politics

SNP confirms it will vote against 'extreme Tory Brexit' deal


The Scottish National party has confirmed its MPs will vote against what it called “Boris Johnson’s extreme Tory Brexit” next week, saying the newly agreed deal reinforced the case for Scottish independence.

The expected decision, made following a meeting of the SNP’s Westminster parliamentary group, guarantees at least some formal opposition when the deal is put to the Commons on Wednesday.

The SNP’s Westminster leader, Ian Blackford, said: “Boris Johnson’s extreme Tory Brexit is an unforgivable act of economic vandalism and gross stupidity, which will cause lasting damage to the economy and leave the UK much worse off at the worst possible time – during a pandemic and economic recession.

“Scotland has been completely ignored by Westminster throughout the Brexit process and we are being forced to pay a devastating price. It is clear that the only way to protect Scotland’s interests, and regain the full benefits of EU membership, is to become an independent country.

“This is a very bad deal for Scotland, which will terminate our membership of the EU, rip us out of the world’s largest single market and customs union, end our freedom of movement rights, and impose mountains of red tape, added costs and barriers to trade for Scottish businesses. The blame lies squarely with the Tory government.”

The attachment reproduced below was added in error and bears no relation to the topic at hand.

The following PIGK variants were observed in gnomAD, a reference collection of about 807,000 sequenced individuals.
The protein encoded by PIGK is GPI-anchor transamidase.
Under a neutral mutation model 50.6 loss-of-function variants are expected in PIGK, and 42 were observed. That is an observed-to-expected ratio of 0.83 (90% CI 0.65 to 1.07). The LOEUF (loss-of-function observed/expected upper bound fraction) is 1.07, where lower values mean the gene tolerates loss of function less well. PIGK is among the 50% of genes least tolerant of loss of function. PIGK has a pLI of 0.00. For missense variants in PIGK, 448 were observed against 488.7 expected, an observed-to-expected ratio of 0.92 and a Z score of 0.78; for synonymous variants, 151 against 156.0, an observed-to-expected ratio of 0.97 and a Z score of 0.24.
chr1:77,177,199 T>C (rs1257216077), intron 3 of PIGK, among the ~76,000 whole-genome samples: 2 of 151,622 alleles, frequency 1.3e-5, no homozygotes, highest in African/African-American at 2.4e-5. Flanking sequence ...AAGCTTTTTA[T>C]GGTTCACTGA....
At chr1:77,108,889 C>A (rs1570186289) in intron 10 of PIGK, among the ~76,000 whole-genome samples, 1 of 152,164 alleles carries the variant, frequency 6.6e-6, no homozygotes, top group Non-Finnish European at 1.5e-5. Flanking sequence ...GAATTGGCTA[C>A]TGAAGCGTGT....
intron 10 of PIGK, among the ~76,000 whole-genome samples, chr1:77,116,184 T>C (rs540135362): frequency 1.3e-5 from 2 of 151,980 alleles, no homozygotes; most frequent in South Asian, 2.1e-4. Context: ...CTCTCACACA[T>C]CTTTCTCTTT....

Noting that Keir Starmer has said Labour will support the deal, finalised on Christmas Eve, Blackford said it was evident the plan would be passed anyway, “but it is not being done in our name”.

He said: “Scotland voted overwhelmingly to remain in the EU. The people of Scotland have a right to determine our own future as an independent European country.”

Labour has expressed disappointment with the deal but will impose a maximum three-line whip for its MPs to vote in favour, with Starmer saying it was vital to prevent a no-deal Brexit.

The stance has prompted opposition among some Labour MPs, with the possibility that some shadow frontbenchers could resign their posts to vote against the plan.

The Liberal Democrats have condemned the deal, but the party’s leader, Ed Davey, has said only that his MPs will “not be supporting it”, rather than explicitly committing to a vote against.

MPs are being recalled to consider and vote on the deal on 30 December, with the government’s aim being for both the Commons and Lords to approve the plan on the same day.





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